The Rev. Sheila Scott, Deacon
Ninth Sunday after Pentecost
Today’s gospel reading is one of the best known bible stories, since all four of the Gospel writers recorded the so called “loaves and fishes miracle”, Jesus’ feeding of the 5,000, which most bible scholars believe was likely thousands more with the women and children.
This story illustrates once again Jesus’ compassion and concern about both the physical and the spiritual needs of human beings. Although Jesus was trying to get away from the crowd, when he saw them following him, he had compassion towards them; unlike the disciples who despite having been witnesses of Jesus’ miracles before, were only focusing on the obstacles, the difficulties of the task of feeding the multitude. Philip tells Jesus: “Six months’ wages would not buy enough bread for each of them to get a little” (John 6:7).
Then a young boy offers his five barley loaves and two fish. Yet, because of their lack of faith, the disciples cannot see any possibility of feeding the multitude with these meager resources. Jesus makes them sit down, gives thanks to God for the food, revealing the importance of acknowledging who provides everything and from whom all blessing flow. Jesus orders the disciples to distribute the food to the people. The disciples had the responsibility to give to the people what Christ had given them. When God gives to us, we have the responsibility to faithfully share with others.
Through this lesson, the disciples learn that true faith must rely on divine resources, not physical and material ones, and it is about time we, his followers learned this lesson also.
Aren’t we just like the disciples? Don’t we say the need is too great, there is no way we can help everyone, so we want the needy to go away, not bother us with their presence, remind us of their seemingly unending needs, make us feel uncomfortable?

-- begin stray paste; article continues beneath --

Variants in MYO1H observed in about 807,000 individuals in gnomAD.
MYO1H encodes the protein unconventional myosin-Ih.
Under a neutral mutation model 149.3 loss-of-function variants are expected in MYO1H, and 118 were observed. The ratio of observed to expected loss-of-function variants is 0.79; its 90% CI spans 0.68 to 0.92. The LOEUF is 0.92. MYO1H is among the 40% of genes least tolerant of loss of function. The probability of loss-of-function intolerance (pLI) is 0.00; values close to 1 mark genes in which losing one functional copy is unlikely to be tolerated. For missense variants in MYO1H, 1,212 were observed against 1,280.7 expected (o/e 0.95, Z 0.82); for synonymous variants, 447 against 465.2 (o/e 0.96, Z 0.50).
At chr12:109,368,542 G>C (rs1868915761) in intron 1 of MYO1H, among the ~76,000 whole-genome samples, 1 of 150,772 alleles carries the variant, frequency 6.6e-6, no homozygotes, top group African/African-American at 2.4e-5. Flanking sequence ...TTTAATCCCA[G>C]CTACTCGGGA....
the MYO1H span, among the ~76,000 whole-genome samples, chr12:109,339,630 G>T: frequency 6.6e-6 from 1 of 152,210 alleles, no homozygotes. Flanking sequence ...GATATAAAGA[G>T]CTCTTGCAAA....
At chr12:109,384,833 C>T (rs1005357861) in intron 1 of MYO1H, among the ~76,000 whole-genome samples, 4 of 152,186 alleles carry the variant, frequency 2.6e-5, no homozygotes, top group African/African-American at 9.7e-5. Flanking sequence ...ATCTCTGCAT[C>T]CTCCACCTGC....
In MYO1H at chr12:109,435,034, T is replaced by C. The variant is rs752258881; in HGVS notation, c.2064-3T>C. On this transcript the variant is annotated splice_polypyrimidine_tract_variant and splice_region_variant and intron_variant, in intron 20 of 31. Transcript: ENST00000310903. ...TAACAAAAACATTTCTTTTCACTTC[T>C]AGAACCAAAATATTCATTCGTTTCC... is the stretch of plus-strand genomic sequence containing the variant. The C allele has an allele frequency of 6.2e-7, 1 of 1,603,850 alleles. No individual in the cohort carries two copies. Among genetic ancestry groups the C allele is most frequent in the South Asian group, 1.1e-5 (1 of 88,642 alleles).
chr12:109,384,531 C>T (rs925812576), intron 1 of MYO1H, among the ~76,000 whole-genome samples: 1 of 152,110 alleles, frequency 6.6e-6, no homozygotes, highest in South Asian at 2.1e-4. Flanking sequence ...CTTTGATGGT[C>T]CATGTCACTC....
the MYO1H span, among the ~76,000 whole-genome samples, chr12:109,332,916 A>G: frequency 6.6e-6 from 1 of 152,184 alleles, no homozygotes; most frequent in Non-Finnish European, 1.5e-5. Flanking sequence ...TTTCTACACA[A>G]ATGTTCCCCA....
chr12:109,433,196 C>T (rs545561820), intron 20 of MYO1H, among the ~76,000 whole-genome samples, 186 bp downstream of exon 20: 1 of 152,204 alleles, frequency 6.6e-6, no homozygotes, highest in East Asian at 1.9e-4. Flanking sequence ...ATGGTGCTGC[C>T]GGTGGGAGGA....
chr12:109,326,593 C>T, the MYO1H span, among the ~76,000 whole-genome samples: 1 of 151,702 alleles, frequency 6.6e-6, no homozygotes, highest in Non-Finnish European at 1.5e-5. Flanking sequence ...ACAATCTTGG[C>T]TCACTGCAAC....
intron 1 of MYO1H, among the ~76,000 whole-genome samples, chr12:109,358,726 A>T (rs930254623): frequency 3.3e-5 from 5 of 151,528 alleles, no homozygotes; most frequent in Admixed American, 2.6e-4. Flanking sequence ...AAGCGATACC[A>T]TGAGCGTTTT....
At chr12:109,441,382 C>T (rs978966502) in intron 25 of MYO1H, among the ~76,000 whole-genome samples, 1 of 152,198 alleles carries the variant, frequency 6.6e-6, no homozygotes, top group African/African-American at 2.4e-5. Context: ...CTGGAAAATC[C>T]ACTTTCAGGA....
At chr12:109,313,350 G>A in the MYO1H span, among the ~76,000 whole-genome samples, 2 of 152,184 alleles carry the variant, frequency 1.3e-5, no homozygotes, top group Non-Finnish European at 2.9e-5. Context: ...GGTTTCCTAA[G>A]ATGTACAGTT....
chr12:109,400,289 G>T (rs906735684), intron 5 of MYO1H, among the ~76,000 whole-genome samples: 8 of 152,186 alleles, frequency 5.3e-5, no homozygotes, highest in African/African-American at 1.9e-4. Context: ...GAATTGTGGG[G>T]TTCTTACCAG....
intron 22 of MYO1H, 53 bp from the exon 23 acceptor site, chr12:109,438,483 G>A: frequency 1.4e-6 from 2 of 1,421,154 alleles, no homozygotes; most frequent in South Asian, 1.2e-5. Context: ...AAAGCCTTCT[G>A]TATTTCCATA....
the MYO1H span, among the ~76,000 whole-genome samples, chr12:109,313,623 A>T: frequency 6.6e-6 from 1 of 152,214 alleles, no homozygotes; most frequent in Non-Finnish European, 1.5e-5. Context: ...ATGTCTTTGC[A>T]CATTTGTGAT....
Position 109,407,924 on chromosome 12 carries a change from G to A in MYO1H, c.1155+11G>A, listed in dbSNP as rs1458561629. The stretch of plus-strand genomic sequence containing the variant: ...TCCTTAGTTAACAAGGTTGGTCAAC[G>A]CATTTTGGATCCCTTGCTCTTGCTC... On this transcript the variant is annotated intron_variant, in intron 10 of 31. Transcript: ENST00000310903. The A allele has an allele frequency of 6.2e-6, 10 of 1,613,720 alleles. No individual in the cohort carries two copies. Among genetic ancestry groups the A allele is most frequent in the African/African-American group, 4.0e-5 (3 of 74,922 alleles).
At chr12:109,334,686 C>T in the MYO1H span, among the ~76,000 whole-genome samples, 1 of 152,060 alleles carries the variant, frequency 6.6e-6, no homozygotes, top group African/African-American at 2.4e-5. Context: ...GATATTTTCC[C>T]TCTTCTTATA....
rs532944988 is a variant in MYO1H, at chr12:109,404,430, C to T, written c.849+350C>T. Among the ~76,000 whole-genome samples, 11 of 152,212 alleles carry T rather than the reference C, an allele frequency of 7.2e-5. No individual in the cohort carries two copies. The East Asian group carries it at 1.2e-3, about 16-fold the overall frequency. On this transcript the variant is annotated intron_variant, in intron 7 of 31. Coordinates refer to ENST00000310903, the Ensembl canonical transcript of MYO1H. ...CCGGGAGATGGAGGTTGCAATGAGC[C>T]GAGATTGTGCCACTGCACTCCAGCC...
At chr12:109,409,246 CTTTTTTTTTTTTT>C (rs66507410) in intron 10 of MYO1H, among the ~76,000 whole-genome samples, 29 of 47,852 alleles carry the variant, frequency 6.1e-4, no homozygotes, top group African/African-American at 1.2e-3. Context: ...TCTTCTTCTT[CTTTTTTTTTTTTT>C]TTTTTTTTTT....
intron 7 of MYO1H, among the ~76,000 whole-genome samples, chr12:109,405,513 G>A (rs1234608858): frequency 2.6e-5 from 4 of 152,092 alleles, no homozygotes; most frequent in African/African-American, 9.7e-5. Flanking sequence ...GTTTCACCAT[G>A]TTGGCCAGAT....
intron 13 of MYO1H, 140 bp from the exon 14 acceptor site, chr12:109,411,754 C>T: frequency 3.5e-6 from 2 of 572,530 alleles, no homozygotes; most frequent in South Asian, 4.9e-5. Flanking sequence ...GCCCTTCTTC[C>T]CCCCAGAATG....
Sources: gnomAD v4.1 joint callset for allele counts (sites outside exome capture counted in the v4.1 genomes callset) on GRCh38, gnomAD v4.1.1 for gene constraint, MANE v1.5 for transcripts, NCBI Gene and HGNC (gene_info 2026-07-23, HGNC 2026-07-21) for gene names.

We, the people of the richest country in the world, are afraid if everyone is afforded health insurance, or a living wage, or quality education, or a roof over one’s head, we will go broke, or our way of life will suffer. We, a nation of immigrants, with the few exceptions of our Native American brothers and sisters, are afraid that new immigrants will destroy our country, despite the fact that immigrants built this country. Greed has no bounds; many believe, as long as my needs are met, your needs and survival is inconsequential.
I have to confess, at one time, I felt self-righteous, having waited 3 years for my visa to come to the US, I felt everyone should follow the rules, as I have done. Except that I later realized, despite the fact that I lived in a communist country, faced some hardships, I did have a roof over my head, a family who could support me if I was let go of my job, the country was at peace; I was not facing the ravages of war.
I finally realized, during the war in the former Yugoslavia, and the genocide in Rwanda, those fleeing did not have the luxury of waiting for visas; they were fleeing for their lives, with only their clothes on their backs. So are the immigrants of today. As hard as it was coming to a new country in my situation, I believe it is thousands of times harder under those circumstances, facing uncertainty, danger and humiliation along the way.
I read the other day that Pope Francis’ popularity is diminishing, because he is focusing too much on the needs of the poor and the oppressed, and calling the world leaders out on the idolatry of money and power, and their disregard for God’s creation. The Pope makes them clearly uncomfortable. One thing is for certain, following Jesus’ commandments will not win anyone a popularity contest.
But Jesus calls us to be compassionate towards the stranger, the poor, and the neglected. So where is our compassion as a nation?
I feel our country has become a country of hypocrites. How can we claim to be a “Christian Nation” and treat God’s creation with such utter disrespect?
If we want to call ourselves followers of Jesus, it is time we stand up for what He clearly commands us to do, to love God and our neighbor, every neighbor!
God will shatter our low expectations of what we can do if we learn to bring him what we have already been given. When we are willing to offer our lives sacrificially, relinquishing our hold on whatever God has given us in terms of time, money, talents, God will use these ordinary things to create extraordinary things. We must never believe our resources are too little to serve God. God delights in taking a humble, seemingly insignificant person and using him or her for his glory (1 Corinthians 1:27).
I would like to close with a Franciscan blessing:
“May God bless you with anger at injustice, oppression and exploitation of people so that you may work for justice, freedom and peace!
May God bless you with tears to shed for those who suffer pain, rejection, hunger and war, so that you may reach out your hand to comfort them and to turn their pain to joy!
And may God bless you with enough foolishness to believe that you can make a difference in the world so that you can do what others claim cannot be done to bring justice and kindness to all our children and the poor”.